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Sputnik incident in Turkey: police came after journalists

UNITED STATES (OBSERVATORY NEWS) — If we talk about creating an atmosphere on the eve of a possible Moscow meeting between Erdogan and Putin, then certainly the encroachments on the representations of the Sputnik International Information Agency in Ankara and Istanbul will not improve it both from some violent and captive activists, and from the Turkish police.

On February 29, aggressively-minded groups of unknowns tried to break into the home of three Sputnik journalists in Ankara, and this happened almost simultaneously. Surprisingly well-coordinated actions, given that all three Turkish Sputnik journalists are not public and their addresses are not publicly available. When journalists went to the police in search of protection, they did not find her there, but even the opposite.

“They were detained by Turkish law enforcement agencies, they didn’t get in touch, the phones were still disconnected, we couldn’t find their home addresses. Later it became known that they were charged with absurd charges of writing an article they were not sponsored. Today they were taken to the Palace of Justice, where they gave evidence to the prosecutor,” said Elena Kochetkova, head of the representative office of MIA Russia Today in Ankara.

After several hours of interrogation, the prosecutor’s office announced: there was no corpus delicti in the activities of journalists, all three were released home. But followed by a sequel. On March 1 in the afternoon, Turkish police came to the Istanbul office of Sputnik with a search.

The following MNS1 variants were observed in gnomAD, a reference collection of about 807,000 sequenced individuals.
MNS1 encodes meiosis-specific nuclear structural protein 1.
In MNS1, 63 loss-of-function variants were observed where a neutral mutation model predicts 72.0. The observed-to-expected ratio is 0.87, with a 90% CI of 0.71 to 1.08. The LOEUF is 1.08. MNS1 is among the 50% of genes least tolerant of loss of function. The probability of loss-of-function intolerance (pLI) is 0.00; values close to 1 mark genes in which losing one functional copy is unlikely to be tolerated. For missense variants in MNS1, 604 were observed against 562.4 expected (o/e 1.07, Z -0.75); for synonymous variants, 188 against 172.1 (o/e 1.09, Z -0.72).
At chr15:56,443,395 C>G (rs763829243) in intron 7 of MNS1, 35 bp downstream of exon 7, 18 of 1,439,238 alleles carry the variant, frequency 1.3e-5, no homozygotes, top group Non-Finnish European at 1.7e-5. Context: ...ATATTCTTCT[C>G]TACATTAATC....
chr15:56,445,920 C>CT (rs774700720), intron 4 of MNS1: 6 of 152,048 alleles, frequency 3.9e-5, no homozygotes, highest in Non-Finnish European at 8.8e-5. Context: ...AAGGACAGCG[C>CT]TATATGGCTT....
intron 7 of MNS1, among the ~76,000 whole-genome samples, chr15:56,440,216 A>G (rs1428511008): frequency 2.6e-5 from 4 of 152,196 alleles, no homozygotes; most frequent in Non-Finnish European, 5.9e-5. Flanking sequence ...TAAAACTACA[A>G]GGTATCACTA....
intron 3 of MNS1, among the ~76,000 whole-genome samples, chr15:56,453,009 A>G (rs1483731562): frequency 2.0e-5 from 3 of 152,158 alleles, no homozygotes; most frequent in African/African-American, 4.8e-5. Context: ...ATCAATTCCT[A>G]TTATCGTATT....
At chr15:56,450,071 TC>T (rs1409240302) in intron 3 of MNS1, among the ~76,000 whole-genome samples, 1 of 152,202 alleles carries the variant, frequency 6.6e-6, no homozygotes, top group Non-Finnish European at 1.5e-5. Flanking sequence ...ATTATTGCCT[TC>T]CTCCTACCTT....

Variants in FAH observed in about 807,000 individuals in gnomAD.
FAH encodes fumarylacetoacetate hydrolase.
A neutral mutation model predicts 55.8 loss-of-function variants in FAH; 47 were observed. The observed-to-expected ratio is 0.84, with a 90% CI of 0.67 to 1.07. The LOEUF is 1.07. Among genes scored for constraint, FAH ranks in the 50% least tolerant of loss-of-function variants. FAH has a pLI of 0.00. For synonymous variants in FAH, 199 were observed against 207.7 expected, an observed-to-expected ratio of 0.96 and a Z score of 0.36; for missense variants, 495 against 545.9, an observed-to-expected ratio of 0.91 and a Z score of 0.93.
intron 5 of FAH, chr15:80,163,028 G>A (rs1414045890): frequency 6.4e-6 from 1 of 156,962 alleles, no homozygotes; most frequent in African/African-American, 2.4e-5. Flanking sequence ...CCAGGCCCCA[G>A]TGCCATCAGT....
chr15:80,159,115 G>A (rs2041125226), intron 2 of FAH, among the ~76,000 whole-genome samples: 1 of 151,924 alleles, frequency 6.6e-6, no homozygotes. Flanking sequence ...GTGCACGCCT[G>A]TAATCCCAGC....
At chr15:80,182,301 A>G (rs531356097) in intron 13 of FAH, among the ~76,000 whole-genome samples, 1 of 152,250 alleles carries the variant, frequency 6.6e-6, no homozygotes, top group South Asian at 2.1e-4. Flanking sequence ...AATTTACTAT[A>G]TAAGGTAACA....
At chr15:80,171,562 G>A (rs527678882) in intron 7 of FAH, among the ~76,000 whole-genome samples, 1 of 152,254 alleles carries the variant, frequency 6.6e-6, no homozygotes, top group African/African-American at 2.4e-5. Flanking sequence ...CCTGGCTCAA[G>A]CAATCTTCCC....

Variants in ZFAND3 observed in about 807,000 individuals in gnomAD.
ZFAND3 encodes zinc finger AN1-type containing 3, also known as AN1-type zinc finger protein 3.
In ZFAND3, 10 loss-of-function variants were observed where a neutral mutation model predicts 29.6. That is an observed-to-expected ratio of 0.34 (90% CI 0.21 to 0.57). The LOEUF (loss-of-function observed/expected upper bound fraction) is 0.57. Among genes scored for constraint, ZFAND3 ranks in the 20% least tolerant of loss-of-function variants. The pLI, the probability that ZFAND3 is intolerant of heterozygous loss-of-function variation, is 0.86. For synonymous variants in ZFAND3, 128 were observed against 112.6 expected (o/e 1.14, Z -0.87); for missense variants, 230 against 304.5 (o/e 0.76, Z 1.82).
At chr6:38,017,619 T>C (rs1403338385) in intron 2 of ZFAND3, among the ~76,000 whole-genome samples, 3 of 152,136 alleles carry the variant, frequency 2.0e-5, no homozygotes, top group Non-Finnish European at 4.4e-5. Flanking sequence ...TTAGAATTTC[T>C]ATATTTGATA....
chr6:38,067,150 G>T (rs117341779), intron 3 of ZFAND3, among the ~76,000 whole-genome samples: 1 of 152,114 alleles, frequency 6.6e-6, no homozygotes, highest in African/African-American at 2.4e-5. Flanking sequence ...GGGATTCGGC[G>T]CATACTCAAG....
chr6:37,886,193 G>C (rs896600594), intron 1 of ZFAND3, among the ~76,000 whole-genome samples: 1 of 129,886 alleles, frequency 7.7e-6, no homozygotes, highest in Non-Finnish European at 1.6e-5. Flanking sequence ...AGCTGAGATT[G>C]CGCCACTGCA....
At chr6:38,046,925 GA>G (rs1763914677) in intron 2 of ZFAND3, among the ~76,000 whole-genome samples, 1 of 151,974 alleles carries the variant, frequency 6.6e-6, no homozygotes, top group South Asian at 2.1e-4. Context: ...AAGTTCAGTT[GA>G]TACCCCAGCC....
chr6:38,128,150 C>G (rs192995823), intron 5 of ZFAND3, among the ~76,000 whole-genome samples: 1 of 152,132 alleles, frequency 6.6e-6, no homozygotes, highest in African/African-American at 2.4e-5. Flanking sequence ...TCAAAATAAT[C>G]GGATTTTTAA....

“The police outfit that arrived at our office is about 10-12 people. We visited our servers, technical rooms, studied, received information on how the functioning of the office works from a technical point of view. At present, all police officers remain in our office, “said Maxim Durnev, head of the representative office of MI Russia Today in Istanbul.

The Russian Foreign Ministry has already paid attention to the situation with our colleagues, calling the attack on employees of the Turkish Sputnik bureau and their detention “a gross violation of the rights of journalists.”

“The journalists were intimidated by physical violence, demanded to stop their professional activities. We urge the Turkish authorities to intervene in the situation, ensure security for the Russian media and help clarify all the circumstances of the incident,” the Russian Foreign Ministry said.

And what happened really looks very strange. First, groups of aggressive, strong young people come home to journalists, accuse them of betrayal and intimidate. Then the police, instead of dealing with attacks on media employees, are themselves detaining and interrogating them, trying to make far-fetched charges.

The situation around the Sputnik agency has already been discussed by Sergey Lavrov and his Turkish counterpart Cavusoglu.

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